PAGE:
The wealth and status of the apostle Paul are widely debated topics. A preponderance of evidence, however, supports the idea that Paul came from a family of significant means. His education and background, his profession, and his status as a Roman citizen all indicate that Paul was accustomed to prosperity and unfamiliar with destitution and subsistence living, despite the long-held beliefs of some to the contrary. If this is so, I draw one overarching conclusion: Paul made enormous social and financial sacrifices in becoming a Christian. His own declaration, “I have suffered the loss of all things” (Philippians 3:8), implies that he started out with much to lose. He probably consecrated a vast amount of money to enable him to travel and correspond extensively, and he certainly exhausted his very significant social capital to win audiences among important people of wealth and status. But more than that, when we read Paul’s advice on numerous topics, ranging from slavery, civil disobedience, ideal virtues, and charity to wealth itself, modern readers will want to remember where Paul was coming from—and above all understand that he had put his money where his mouth was. Since “it is easier for a camel to go through the eye of a needle, than for a rich man to enter into the kingdom of God” (Mark 10:25), Paul’s personal sacrifices and absolute devotion become all the more impressive.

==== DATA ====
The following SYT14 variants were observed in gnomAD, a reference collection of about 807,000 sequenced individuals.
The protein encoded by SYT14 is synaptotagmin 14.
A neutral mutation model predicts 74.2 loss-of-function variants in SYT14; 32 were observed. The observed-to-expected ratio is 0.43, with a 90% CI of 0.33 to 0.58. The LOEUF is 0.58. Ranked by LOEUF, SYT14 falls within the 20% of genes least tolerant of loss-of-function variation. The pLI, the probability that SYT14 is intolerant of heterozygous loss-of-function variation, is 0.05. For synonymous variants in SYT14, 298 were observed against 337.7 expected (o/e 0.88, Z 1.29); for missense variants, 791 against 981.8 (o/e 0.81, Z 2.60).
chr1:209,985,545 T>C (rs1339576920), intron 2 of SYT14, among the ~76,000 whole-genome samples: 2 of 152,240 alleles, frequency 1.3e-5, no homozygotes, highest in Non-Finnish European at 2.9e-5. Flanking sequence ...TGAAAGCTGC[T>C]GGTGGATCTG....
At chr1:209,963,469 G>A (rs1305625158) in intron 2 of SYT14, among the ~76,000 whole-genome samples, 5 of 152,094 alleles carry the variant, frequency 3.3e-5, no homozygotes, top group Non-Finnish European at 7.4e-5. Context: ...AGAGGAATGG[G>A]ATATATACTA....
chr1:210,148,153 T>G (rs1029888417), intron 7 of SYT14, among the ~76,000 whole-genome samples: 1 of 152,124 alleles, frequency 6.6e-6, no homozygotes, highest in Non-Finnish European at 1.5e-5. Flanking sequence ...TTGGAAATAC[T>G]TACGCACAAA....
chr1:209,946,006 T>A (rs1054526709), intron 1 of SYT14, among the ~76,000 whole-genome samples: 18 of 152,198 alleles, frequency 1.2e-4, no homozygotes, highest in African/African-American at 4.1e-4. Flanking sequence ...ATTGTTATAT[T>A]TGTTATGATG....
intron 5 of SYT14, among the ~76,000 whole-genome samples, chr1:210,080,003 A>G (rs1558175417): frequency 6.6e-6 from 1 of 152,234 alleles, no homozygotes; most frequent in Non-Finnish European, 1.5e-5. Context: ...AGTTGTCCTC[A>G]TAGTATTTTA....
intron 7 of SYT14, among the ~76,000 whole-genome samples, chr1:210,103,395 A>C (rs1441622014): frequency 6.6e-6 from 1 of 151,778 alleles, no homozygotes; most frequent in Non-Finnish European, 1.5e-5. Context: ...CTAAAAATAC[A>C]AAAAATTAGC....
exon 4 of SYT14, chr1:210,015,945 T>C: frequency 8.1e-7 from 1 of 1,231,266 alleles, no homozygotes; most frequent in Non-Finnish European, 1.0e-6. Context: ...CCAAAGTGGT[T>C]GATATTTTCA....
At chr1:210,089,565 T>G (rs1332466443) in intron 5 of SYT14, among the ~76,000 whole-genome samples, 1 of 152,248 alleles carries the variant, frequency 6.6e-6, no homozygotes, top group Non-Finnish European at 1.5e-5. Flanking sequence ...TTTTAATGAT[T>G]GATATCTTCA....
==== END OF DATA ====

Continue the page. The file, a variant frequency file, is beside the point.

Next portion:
John W. Welch is Robert K. Thomas Professor of Law and editor in chief of BYU Studies at Brigham Young University.